In the wake of 9/11 no one knew when the next attack would come, or where it would come from. America's enemies seemed gathered on all sides, and for several nerve-racking months, we lived in fear that the perpetrators might be plotting another action or, worse, that our most dangerous enemies -- al Qaeda and Saddam Hussein's murderous regime in Iraq -- could be banding together against us.
The Bush administration and CIA director George Tenet warned against complacency and pointed to growing indications that al Qaeda and Iraq were in league. But their case was undercut by unnamed intelligence officials, skeptical politicians, and a compliant media. So America relaxed. A comforting consensus settled in: Osama bin Laden was an impassioned fundamentalist, Saddam a secular autocrat. The two would never, could never, work together. ABC News reported that there was no connection between them, and the New York Times said so too, and pretty soon just about everyone agreed.
Just about everyone was wrong.
In The Connection, Stephen Hayes draws on CIA debriefings, top-secret memos from our national intelligence agencies, and interviews with Iraqi military leaders and Washington insiders to demonstrate that Saddam and bin Laden not only could work together, they did -- a curious relationship that stretches back more than a decade and may include collaboration on terrorist acts, chemical-weapons training, and sheltering some of the world's most wanted radicals.
Stephen Hayes's bombshell Weekly Standard piece on this topic was cited by Vice President Cheney as the "best source of information" about the Saddam-al Qaeda connections. Now Hayes delves even deeper, exposing the inner workings of America's deadliest opponents and providing a clear-eyed corrective to reams of underreported, politicized, and just plain wrong information.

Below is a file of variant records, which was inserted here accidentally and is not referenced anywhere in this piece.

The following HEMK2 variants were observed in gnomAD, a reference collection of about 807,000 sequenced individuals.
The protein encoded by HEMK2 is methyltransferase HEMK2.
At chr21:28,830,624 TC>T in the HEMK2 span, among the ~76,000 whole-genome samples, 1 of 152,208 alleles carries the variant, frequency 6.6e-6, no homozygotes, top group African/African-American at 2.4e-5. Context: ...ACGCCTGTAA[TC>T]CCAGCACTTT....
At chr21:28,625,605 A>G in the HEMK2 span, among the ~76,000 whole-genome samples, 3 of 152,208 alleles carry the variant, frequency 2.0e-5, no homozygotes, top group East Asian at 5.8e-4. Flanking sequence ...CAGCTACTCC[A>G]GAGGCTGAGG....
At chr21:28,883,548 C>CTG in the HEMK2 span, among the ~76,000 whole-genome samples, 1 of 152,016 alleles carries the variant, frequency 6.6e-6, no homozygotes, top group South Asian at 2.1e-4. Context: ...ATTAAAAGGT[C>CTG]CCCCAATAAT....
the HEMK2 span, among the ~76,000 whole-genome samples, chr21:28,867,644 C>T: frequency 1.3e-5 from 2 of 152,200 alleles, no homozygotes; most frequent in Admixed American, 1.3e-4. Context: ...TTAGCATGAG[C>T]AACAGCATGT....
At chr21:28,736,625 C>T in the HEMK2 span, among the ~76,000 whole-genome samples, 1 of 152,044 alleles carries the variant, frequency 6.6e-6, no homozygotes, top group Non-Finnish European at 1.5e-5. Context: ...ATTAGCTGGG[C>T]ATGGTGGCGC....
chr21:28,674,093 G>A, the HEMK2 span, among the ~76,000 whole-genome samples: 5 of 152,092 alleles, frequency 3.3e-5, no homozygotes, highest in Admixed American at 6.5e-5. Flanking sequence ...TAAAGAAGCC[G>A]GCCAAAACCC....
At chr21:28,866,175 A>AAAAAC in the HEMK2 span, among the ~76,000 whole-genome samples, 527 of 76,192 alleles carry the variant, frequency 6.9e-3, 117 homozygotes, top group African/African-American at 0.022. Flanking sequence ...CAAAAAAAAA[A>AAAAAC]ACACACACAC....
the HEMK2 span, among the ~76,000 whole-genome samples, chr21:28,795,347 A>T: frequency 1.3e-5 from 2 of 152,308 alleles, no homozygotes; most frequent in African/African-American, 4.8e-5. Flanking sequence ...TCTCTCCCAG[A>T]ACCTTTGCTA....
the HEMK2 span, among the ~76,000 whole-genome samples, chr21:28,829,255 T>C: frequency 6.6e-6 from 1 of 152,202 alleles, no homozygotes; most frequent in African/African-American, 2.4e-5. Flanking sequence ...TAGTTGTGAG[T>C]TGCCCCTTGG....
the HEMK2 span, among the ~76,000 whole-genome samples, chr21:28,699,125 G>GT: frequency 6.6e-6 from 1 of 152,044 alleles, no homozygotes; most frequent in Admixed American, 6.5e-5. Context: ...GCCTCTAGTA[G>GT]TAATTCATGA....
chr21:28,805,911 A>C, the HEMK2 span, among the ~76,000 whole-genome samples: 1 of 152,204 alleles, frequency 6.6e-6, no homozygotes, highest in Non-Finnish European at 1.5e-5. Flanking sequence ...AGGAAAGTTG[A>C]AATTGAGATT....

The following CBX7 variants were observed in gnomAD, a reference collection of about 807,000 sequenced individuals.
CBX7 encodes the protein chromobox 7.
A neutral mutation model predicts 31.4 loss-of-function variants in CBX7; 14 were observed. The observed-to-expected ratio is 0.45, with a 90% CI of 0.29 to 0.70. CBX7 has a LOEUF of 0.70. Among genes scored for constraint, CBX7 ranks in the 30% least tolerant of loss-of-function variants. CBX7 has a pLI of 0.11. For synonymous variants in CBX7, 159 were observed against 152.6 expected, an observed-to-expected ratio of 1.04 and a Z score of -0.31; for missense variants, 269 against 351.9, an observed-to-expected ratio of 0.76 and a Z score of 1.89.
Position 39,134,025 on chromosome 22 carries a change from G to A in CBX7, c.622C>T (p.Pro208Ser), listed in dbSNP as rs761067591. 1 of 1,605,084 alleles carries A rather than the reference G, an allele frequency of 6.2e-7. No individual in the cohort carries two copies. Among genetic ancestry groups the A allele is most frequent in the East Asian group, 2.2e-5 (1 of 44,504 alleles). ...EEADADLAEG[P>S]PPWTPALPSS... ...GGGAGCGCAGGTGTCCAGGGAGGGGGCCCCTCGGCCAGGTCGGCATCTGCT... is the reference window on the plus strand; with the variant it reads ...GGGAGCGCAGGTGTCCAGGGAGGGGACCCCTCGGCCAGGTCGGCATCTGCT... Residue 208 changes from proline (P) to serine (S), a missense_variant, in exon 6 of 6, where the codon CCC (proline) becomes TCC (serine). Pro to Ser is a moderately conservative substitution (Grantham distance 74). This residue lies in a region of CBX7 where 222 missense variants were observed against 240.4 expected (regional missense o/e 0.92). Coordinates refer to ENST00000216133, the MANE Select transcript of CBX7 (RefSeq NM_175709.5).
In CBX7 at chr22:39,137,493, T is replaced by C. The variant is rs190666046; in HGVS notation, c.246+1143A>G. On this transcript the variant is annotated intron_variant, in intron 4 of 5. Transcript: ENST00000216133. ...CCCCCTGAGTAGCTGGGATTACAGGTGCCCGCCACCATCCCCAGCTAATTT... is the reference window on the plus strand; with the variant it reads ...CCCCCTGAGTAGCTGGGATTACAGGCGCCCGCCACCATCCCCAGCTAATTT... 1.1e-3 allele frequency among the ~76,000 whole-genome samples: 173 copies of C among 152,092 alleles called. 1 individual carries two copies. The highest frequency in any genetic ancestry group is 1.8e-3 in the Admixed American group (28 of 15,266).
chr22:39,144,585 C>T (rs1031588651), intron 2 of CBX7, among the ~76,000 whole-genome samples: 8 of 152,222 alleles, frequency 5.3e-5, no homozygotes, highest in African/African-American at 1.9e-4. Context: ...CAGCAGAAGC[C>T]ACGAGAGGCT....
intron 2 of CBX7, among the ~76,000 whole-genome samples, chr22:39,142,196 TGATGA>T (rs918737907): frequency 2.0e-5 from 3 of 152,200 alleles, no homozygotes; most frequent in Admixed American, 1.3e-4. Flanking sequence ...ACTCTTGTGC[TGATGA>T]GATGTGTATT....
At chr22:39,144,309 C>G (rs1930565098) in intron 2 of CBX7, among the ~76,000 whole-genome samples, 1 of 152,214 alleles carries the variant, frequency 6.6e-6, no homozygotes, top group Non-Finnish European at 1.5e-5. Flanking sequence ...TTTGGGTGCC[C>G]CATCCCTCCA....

The Connection is both a gripping snapshot of the War on Terror and a case study in how bureaucratic assumptions and media arrogance can put us all at risk.
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Stephen F. Hayes is a senior writer for the Weekly Standard and the author of the New York Times bestseller The Connection: How al Qaeda's Collaboration with Saddam Hussein Has Endangered America. He has been a commentator on many television and radio broadcasts, including the Today show, Meet the Press, the Diane Rehm Show, Fox News Sunday, the O'Reilly Factor, and CNN's Late Edition. His writing has appeared in the Los Angeles Times, the Philadelphia Inquirer, the Wall Street Journal, The National Review, and the New York Post. He lives on the Chesapeake Bay with his wife and two children.From Publishers Weekly:
Weekly Standard reporter Hayes marshals a wealth of evidence that, in contrast with the tenuous connections that have so far made news, point to ties between Saddam Hussein's regime and al-Qaeda. Most intriguingly, Hayes finds links between Iraq and the 1993 World Trade Center bombers, one of whom apparently received shelter and financial support from Iraq after the attack. Hayes also gets confirmation by Czech officials of the alleged Prague meeting between September 11 hijacker Mohammed Atta and an Iraqi intelligence agent. Elsewhere, Hayes points to Iraqi intelligence documents that mention a "good relationship" with bin Laden. Other sources note an alleged agreement for Iraq to assist al-Qaeda in making chemical and biological weapons. Relying both on "open sources" like news articles, transcripts from the 1998 embassy bombing trials, as well as anonymous intelligence reports and informants, Hayes allows that some of these stories may prove unreliable. But he contends that the number, consistency and varied provenance of reports of high-level contacts between al-Qaeda and Iraq throughout the past decade allows one to "connect the dots" into a clear pattern of collaboration. Despite the frustrating absence of source notes and no knowledge of what cooperative efforts ever came of these contacts, most readers will conclude from this volume that the Saddam–al-Queda thread has some play left in it.
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